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17

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pp. 109-116

Every two or three weeks Miss Rose would stop by to see how her namesake was doing. She would always bring her something—a sweater, a pair of soft shoes, or a little toy of some kind. She also brought clothes for the older...

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18

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pp. 116-118

It was true that the brush piles in Susan's field didn't get dry enough to burn before it was time to plant her corn. She knew that when the oak leaves got to be the size of a squirrel's ear, it was time to plant her corn. It was about the...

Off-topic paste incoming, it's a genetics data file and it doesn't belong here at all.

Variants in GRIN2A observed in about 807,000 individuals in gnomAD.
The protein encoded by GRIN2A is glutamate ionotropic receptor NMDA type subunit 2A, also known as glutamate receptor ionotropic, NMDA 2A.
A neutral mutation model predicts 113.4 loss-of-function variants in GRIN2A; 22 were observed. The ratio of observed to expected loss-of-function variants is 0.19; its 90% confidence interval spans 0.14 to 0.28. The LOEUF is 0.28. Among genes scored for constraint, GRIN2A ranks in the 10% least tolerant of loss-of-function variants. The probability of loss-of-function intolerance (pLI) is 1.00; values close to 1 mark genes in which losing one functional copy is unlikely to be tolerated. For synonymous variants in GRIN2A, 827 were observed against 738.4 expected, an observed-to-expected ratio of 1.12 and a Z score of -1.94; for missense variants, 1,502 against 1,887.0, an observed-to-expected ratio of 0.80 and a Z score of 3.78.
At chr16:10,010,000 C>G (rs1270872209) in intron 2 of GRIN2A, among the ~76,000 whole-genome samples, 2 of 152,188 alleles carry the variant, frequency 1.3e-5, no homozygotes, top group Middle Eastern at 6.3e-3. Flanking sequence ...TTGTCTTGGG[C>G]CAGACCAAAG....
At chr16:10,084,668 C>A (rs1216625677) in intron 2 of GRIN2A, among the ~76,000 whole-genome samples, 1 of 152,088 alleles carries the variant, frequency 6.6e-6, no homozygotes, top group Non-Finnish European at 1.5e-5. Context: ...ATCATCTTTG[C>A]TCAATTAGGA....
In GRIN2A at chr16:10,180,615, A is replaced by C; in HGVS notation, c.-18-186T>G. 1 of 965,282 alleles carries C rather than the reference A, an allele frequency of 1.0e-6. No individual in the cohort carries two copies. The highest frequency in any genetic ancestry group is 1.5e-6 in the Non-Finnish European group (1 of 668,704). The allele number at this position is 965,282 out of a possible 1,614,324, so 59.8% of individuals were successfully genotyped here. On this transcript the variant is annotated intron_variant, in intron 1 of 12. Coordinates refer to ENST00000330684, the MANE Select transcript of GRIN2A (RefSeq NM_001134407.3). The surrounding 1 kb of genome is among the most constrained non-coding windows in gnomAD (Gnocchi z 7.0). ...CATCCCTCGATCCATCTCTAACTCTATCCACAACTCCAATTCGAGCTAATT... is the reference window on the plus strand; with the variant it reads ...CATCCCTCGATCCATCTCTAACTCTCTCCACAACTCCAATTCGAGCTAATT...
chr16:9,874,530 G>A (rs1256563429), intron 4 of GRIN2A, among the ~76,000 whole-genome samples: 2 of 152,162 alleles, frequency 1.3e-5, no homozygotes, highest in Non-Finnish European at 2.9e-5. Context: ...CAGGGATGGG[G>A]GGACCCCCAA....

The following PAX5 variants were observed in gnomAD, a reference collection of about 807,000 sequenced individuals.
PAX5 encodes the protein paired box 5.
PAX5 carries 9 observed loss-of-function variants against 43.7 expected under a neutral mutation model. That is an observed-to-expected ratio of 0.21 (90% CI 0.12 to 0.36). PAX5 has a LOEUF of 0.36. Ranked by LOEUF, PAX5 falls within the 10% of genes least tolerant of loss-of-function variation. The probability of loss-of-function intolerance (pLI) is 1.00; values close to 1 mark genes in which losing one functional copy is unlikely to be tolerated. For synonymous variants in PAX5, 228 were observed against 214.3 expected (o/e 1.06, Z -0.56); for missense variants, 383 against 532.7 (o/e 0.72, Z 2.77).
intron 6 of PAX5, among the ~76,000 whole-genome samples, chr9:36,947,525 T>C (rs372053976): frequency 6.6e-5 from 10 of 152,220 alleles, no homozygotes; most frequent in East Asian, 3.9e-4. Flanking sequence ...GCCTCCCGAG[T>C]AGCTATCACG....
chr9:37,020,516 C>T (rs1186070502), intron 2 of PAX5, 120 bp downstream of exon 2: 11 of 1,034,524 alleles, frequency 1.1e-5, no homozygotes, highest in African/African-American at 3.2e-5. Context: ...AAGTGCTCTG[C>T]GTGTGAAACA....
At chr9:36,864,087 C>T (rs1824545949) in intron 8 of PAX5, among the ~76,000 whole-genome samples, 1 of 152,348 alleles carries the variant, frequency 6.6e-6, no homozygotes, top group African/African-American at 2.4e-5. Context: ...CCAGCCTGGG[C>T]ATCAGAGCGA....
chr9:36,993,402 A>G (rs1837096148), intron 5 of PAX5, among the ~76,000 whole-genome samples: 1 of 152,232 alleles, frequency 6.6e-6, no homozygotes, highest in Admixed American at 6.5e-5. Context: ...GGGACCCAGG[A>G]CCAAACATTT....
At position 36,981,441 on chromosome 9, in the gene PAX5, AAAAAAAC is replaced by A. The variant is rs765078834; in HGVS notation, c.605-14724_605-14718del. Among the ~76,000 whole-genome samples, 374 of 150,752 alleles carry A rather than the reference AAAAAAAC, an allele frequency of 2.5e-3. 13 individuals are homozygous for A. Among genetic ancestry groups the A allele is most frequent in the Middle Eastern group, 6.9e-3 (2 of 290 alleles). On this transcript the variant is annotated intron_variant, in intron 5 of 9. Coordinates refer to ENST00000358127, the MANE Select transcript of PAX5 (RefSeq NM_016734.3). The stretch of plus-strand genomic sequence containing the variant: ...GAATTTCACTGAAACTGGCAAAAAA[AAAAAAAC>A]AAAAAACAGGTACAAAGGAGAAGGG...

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19

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pp. 119-122

Now that warm weather had set in, Johnnie was sleeping in the barn loft. It really wasn't so bad up there—an old quilt thrown over a large pile of shucks. An old mother cat and her family of five had their home in the opposite...

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20

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pp. 123-130

Rennie came out on the porch and looked up and down Lonesome Holler. What a warm day to be the first of November. A smoky haze hid the usually bright blue sky. A soft warm breeze was bringing down the last of the leaves...

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21

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pp. 130-132